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This year’s World Employment and Social Outlook: Trends provides a comprehensive assessment of current decent work deficits and how these have been exacerbated by multiple, overlapping crises in recent years. It analyses global patterns, regional differences and outcomes across groups of workers. The report provides labour market projections for 2023 and 2024 and presents trends in labour productivity growth, analysing the factors contributing to its decline.
Jessica Bracco; Matías Ciaschi; Leonardo Gasparini (et al.)
Alexandra Pepetone; Edward A. Frongillo; Kevin W. Dodd (et al.)
Disruptions from the coronavirus disease 2019 (COVID-19) pandemic potentially exacerbated food insecurity among adults and youth. The objective was to examine changes in the prevalence and severity of food insecurity among adults and youth from before (2019) to during (2020) the pandemic in multiple countries. Repeated cross-sectional data were collected among adults aged 18–100 y (n = 63,278) in 5 countries in November to December in 2018–2020 and among youth aged 10–17 y (n = 23,107) in 6 countries in November to December in 2019 and 2020. Food insecurity in the past year was captured using the Household Food Security Survey Module and the Child Food Insecurity Experiences Scale. Changes in the prevalence and severity of food insecurity were examined using logistic and generalized logit regression models, respectively. Models included age, gender, racial-ethnic identity, and other sociodemographic characteristics associated with food insecurity to adjust for possible sample differences across waves. Models were weighted to reflect each country’s population.
Yuying Tsong; Sapna B. Chopra; Hsiu-Lan Cheng
Raffaella Baccolini; Chiara Xausa
Thomas Eichhorn; Simone Schüller; Hannah Sinja Steinberg (et al.)
Sabrina Wulff Pabilonia; Victoria Vernon
William P. Ball; Corri Black; Sharon Gordon (et al.)
One in eight children in the United Kingdom are estimated to have a mental health condition, and many do not receive support or treatment. The COVID-19 pandemic has negatively impacted mental health and disrupted the delivery of care. Prevalence of poor mental health is not evenly distributed across age groups, by sex or socioeconomic groups. Equity in access to mental health care is a policy priority but detailed socio-demographic trends are relatively under-researched. This study analysed records for all mental health prescriptions and referrals to specialist mental health outpatient care between the years of 2015 and 2021 for children aged 2 to 17 years in a single NHS Scotland health board region. It analysed trends in prescribing, referrals, and acceptance to out-patient treatment over time, and measured differences in treatment and service use rates by age, sex, and area deprivation.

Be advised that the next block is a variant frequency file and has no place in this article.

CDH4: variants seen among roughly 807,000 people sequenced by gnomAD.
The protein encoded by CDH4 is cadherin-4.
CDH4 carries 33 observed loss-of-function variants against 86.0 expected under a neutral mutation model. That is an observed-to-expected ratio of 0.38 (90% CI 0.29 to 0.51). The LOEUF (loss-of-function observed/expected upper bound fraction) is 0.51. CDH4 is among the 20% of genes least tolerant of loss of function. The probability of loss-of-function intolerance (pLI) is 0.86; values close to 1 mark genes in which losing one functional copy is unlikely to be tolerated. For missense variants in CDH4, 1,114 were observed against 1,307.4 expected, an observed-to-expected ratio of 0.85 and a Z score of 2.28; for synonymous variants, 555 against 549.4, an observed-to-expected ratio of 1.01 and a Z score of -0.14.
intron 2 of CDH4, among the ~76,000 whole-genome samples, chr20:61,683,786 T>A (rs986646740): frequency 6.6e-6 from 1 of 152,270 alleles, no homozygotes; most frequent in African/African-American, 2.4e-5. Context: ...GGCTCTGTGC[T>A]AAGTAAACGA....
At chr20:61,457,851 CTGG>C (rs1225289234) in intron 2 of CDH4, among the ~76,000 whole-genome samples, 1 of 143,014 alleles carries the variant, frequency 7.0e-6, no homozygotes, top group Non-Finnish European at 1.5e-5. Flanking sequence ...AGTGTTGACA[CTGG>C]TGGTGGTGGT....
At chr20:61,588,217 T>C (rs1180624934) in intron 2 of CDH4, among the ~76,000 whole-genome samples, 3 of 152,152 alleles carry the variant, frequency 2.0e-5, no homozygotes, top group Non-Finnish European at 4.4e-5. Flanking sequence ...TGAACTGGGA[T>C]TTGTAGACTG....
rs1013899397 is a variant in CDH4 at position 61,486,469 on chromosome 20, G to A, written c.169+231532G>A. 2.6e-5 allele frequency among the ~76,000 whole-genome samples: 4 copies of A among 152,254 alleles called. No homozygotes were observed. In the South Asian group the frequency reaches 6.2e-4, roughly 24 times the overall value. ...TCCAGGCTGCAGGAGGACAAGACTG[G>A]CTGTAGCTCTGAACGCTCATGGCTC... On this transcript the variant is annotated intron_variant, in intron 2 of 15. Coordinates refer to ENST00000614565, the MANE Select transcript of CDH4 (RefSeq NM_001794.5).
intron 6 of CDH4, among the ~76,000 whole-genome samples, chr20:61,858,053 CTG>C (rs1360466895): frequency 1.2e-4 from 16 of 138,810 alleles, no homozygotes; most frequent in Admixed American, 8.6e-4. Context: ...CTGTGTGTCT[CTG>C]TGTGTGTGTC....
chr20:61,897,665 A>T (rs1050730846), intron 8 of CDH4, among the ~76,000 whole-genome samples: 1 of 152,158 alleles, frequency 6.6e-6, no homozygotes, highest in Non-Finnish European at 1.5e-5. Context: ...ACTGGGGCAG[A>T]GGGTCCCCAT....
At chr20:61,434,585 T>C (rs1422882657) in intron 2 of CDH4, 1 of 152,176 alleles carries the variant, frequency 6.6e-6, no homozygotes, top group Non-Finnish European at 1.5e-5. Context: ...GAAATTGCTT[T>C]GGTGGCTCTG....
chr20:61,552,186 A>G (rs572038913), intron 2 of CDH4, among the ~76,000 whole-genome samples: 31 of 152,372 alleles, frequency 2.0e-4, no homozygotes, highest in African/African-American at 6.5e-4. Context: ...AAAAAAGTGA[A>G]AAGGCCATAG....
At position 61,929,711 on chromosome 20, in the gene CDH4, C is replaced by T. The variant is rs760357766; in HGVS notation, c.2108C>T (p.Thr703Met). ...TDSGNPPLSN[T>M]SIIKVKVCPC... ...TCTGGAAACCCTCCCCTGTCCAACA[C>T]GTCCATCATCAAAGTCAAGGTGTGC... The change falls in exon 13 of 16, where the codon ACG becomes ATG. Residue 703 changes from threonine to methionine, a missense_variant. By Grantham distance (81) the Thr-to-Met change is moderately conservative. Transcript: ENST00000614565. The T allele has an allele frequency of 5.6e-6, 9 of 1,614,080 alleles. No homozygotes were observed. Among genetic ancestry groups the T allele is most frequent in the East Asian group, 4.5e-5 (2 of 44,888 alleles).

Bonnie D. Kerker; Natalia M. Rojas; Spring Dawson-McClure (et al.)
Ruth Salway; Robert Walker; Kate Sansum (et al.)
Restrictions during the COVID-19 pandemic have led to increased screen-viewing among children, especially during strict periods of lockdown. However, the extent to which screen-viewing patterns in UK school children have changed post lockdowns is unclear. The aim of this paper is to examine how screen-viewing changed in 10–11-year-old children over the 2020–21 COVID-19 pandemic, how this compares to before the pandemic, and the influences on screen-viewing behaviour. This is a mixed methods study with 10–11-year-olds from 50 schools in the Greater Bristol area, UK. Cross-sectional questionnaire data on minutes of weekday and weekend television (TV) viewing and total leisure screen-viewing were collected pre-COVID-19 in 2017–18 (N = 1,296) and again post-lockdowns in 2021 (N = 393). Data were modelled using Poisson mixed models, adjusted for age, gender, household education and seasonality, with interactions by gender and household education. Qualitative data were drawn from six focus groups (47 children) and 21 one-to-one parent interviews that explored screen-viewing behaviour during the pandemic and analysed using the framework method.
Maria Laura Ruiu; Massimo Ragnedda; Felice Addeo (et al.)
Inclusive and Resilient Societies explores the evolution of inequalities of different types and assesses their interaction with the Covid crisis across people, firms, and places. It shows how the impact of the pandemic varied widely, depending on whether and where people work, their gender, age, education, income levels, and the place they live in, and highlights how economic inequalities have expanded and left our societies with deep social scars.
Ming-Te Wang; Juan Del Toro; Daphne A. Henry (et al.)
Thomas Lyttelton; Emma Zang; Kelly Musick
This study uses time diaries to examine how parents' work arrangements shaped their time use at home and work during the COVID-19 pandemic. The pandemic transformed home and work life for parents, disrupting employment and childcare. The shift to work from home offered more flexibility to manage increased care burdens, but the lack of separation between work and family also likely contributed to more challenging work environments, especially among mothers. This study relies on the 2017–2020 American Time Use Survey and matching to estimate changes in time use among parents working from home and on site in the pandemic relative to comparable parents prior to the pandemic.
UNICEF Innocenti's Children and COVID-19 Library is a database collecting research from around the world on COVID-19 and its impacts on children and adolescents.
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COVID-19 & Children: Rapid Research Response